•The Broad-by-Local-Tradition. Maybe it's a result of all that fried food, but the South produces more than its share of widebodies. Ground zero for such creatures is Auburn, Ala., also known as the Loveliest Village of the Plain, soon to be known as the Loveliest Village of the Extra Cheese and Pepperoni. With six regular-season games yet to play, 6'5", 230-pound sophomore Aaron Swinson has already thrown down 46 dunks. Six-foot-six-inch, 240-pound juco transfer Aubrey Wiley was hauling down 11.7 rebounds a game before breaking his foot on Jan. 5, more than Sir Charles averaged as a freshman. Not to worry: Wiley's injury has given 6'6", 260-pound freshman Willie Jones, an all-state defensive tackle in high school, a chance to shine on the hardwood. "If we only played like we ate," says Eagles, who gives his players the run of a buffet table for pregame meals, "we'd win the conference."
•The Baby Fat. Seton Hall's Luther Wright, who weighed 360 pounds last spring, did nothing through his first six Big East games. Only late last month, when he shot 11 for 17 over consecutive outings against Boston College, St. John's and Ohio State, did the 7'2" freshman—he makes teammates Darrell Mims (6'8", 270 pounds) and Jerry Walker (6'7", 240 pounds) look positively svelte—start living half as large as he is. Wright finally seems to be comfortable with both his new body (285 pounds) and his role as a North Jersey cult hero. When he makes a block or plucks a rebound, Seton Hall students hold placards aloft—with an L followed by a string of U's.
•The Feckless Fat. Jarrad Smith is a 6'11", 315-pound, XXXXL-jersey-wearing freshman at Morgan State, and Matt Burrell is a 6'7", 270-pound junior college transfer. Smith's nickname in high school was The Most; Burrell's could just as well have been Pretty Darn Much. Alas, they are monuments—literally, it would seem—to the maxim that bulk alone won't get the job done. The Bears are a pitiful 3-19.
•The Learned-Their-Lesson Large. Rodney Camper, a 6'5", 230-pound senior at NAIA Biola College, weighed 310 pounds as a senior at Long Beach (Calif.) Millikan High and rode the bench. Poor bench. In six months at Long Beach City College he dropped 40 pounds and has had nothing but good things happen to him since coming to Biola four years ago. "I hold my own against Division I guys during the summer," says Camper, who averages 13.2 points and seven 'bounds for the 22-3 Eagles.
•The Require-a-Zoning-Variance Fat. You've heard of Twin Towers in various incarnations. Meet Georgia Southern's Twin Strip Malls: Shawn Brown, a 6'5", 253-pound freshman, and D'Andre Goggans, a 6'6", 256-pound redshirt. They have all the tools, as they say—a refrigerator and a hot plate in the dorm room they share. Their coach, Frank Kerns, sees the potential rewards in a Brown or a Goggans but is wary of their ilk too. "Even if they have good basketball skills, you have to make sure kids like that play with intensity," he says. "A lot just don't do it."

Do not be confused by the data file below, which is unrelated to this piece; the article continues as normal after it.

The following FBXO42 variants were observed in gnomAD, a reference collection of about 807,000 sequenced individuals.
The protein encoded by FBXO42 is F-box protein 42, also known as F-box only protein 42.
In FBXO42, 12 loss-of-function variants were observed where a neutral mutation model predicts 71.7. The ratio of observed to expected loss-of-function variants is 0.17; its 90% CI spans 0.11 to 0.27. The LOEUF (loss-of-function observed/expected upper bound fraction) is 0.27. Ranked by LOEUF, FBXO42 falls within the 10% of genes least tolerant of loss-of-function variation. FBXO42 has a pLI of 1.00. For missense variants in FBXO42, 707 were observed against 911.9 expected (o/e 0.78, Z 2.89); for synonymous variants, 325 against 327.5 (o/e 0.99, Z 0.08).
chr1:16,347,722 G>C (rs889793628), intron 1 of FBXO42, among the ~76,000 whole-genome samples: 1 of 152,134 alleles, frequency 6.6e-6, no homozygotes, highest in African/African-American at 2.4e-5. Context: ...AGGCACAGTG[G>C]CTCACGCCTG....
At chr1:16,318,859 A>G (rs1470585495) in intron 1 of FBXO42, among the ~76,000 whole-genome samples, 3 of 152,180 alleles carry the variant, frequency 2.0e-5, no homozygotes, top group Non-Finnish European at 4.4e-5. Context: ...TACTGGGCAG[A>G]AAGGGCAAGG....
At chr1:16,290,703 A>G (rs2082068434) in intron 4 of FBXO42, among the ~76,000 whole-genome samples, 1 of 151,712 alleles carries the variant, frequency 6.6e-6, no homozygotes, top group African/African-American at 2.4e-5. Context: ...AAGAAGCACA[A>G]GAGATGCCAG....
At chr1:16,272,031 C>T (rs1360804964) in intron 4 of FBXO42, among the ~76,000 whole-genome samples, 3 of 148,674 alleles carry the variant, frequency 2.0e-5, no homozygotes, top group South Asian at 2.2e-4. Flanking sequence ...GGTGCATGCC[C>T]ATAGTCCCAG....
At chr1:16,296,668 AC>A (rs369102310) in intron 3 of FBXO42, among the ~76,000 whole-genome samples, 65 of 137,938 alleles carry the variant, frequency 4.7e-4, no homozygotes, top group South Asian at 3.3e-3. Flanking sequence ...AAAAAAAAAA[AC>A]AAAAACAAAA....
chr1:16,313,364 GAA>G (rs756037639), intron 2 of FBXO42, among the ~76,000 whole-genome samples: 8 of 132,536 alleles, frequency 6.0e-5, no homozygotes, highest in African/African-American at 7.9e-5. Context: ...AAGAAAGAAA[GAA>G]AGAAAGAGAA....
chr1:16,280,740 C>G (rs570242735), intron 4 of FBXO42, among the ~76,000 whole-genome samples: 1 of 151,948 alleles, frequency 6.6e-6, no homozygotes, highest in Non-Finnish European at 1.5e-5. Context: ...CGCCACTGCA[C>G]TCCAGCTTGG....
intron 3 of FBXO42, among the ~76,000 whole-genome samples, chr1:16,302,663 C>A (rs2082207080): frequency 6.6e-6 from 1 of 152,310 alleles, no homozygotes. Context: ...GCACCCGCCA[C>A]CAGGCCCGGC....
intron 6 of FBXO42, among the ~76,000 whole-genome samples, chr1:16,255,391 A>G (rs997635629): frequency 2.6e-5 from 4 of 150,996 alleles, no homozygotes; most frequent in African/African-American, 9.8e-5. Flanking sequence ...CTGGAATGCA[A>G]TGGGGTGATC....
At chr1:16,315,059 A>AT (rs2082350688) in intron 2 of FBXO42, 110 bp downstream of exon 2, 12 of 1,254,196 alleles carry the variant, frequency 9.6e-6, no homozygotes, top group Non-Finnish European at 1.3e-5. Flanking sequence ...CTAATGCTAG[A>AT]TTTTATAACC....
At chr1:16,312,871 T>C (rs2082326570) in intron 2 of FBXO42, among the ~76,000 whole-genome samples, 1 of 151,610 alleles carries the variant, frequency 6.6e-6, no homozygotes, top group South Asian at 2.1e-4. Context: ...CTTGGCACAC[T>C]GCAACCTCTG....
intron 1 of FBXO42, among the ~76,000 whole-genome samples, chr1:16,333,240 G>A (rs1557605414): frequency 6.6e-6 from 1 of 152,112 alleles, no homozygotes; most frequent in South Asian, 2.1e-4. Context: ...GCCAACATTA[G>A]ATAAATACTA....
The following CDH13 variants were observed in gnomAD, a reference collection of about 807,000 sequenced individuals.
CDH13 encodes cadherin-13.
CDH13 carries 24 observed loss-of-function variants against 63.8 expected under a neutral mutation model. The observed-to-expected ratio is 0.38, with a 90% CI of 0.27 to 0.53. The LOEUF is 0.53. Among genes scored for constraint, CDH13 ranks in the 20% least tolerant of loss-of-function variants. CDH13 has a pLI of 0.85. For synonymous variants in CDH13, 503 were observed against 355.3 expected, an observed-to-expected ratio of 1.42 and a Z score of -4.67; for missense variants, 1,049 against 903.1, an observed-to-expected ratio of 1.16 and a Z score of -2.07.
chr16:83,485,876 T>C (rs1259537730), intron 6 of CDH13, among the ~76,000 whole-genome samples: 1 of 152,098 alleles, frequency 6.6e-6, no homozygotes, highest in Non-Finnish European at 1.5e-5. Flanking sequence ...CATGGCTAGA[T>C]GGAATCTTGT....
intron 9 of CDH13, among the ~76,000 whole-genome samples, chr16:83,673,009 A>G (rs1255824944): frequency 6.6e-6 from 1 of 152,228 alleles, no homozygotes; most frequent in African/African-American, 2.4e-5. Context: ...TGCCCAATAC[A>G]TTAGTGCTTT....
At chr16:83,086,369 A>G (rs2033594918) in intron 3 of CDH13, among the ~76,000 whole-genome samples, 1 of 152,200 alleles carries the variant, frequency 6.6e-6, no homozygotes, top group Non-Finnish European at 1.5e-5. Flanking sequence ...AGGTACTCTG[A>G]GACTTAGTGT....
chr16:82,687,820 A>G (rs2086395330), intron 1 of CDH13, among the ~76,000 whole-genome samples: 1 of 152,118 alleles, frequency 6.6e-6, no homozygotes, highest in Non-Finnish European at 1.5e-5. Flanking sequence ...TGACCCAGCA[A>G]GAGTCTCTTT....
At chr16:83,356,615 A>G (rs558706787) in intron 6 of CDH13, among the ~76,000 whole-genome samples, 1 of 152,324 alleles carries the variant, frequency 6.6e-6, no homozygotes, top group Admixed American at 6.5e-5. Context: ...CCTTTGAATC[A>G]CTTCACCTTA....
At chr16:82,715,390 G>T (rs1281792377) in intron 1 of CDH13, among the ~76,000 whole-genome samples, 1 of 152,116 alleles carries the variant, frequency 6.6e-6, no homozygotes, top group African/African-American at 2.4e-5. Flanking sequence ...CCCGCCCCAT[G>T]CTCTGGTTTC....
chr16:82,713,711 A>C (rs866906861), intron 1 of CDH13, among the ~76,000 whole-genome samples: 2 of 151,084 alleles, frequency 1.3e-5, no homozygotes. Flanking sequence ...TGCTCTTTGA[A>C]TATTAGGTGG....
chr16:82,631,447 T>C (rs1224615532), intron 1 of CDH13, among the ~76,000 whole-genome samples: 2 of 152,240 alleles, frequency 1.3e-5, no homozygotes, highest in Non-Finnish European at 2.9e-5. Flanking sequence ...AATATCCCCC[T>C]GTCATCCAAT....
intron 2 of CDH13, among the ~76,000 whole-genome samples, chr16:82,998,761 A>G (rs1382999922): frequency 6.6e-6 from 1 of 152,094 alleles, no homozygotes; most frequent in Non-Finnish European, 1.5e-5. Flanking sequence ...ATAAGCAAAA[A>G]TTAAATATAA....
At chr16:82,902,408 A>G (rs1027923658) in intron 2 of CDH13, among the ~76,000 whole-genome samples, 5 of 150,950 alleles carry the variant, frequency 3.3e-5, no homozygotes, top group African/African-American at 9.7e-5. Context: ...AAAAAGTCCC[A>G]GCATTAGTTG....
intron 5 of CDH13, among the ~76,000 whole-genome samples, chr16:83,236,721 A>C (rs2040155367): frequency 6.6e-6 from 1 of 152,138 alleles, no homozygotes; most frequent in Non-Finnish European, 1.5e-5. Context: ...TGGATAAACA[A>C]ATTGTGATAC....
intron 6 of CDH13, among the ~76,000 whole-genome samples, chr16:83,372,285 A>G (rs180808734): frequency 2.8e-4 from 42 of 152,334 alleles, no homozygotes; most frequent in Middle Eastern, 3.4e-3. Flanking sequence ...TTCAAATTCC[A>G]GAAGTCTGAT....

Hold on, Coach. That sounds like the old stereotype—fat and lazy. Don't tell it to Brown, who, while running a wind sprint during preseason drills, feared he wouldn't finish within the prescribed time and threw himself over the end line. Indeed, don't tell it to the put-upon floorboards at GSU's Hanner Fieldhouse.
Great Moments in Fat-Guy History, 1985.
The Memphis State basketball team pays a visit to Sea World in San Diego while in town for a holiday tournament. Among the Tigers making the trip is 6'7", 255-pound Marvin Alexander, who had to have the seams of his uniform trunks let out before he could slip them on. A number of teammates remarked upon the uncanny resemblance between Alexander and Shamu the Killer Whale. Later they simply called him Tank.
Great Moments in Fat-Guy History, 1987.
The Georgia Bureau of Weights and Measures appears at Georgia Tech's first practice each year for the ritual recording of the vital statistics of every player. Freshman Dennis Scott, who arrived in Atlanta with the nickname Legs 'n' Butt, is chagrined to find that, despite having dieted all summer, he still tips the scales at 255—not unreasonable for a banger, but altogether too much for a 6'7" shooting guard. Is it possible that he didn't diet all summer? No, but Scott does know how to account for the 10-to 15-pound discrepancy between what he thinks he weighs and what the scale says. "Shoes and socks," he says.
For a while Scott had to wear a sort of girdle under his trunks to keep his thighs from chafing when he ran. Yet he eventually slimmed down, led Georgia Tech to the 1990 Final Four and found an NBA home with the Orlando Magic. Duckworth, who has been an All-Star in Portland, and Victor Alexander, who has started as a rookie for Golden State, also succeeded in emulating Barkley and controlling their weight and enhancing their bankbooks. For many others, however, a waist is a terrible thing to mind. Turpin first ate himself out of the NBA, then out of European ball. Watts ballooned to nearly 300 pounds within months of the end of last season and flunked his tryouts with the Jazz and the Warriors.